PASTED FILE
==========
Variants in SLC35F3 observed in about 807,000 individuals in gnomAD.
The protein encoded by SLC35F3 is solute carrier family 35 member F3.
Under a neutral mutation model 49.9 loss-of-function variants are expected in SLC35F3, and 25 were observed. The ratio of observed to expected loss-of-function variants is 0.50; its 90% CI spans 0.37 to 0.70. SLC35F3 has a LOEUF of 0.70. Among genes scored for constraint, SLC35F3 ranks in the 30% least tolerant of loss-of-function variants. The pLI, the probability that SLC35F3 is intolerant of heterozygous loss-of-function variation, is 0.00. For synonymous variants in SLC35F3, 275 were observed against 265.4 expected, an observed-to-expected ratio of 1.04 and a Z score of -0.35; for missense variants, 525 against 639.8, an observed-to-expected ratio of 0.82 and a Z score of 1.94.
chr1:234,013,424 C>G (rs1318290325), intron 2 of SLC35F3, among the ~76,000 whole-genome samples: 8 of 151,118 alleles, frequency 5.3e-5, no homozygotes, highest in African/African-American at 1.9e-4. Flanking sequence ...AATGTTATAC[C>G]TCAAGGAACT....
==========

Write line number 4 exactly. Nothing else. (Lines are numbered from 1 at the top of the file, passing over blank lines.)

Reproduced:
chr1:234,013,424 C>G (rs1318290325), intron 2 of SLC35F3, among the ~76,000 whole-genome samples: 8 of 151,118 alleles, frequency 5.3e-5, no homozygotes, highest in African/African-American at 1.9e-4. Flanking sequence ...AATGTTATAC[C>G]TCAAGGAACT....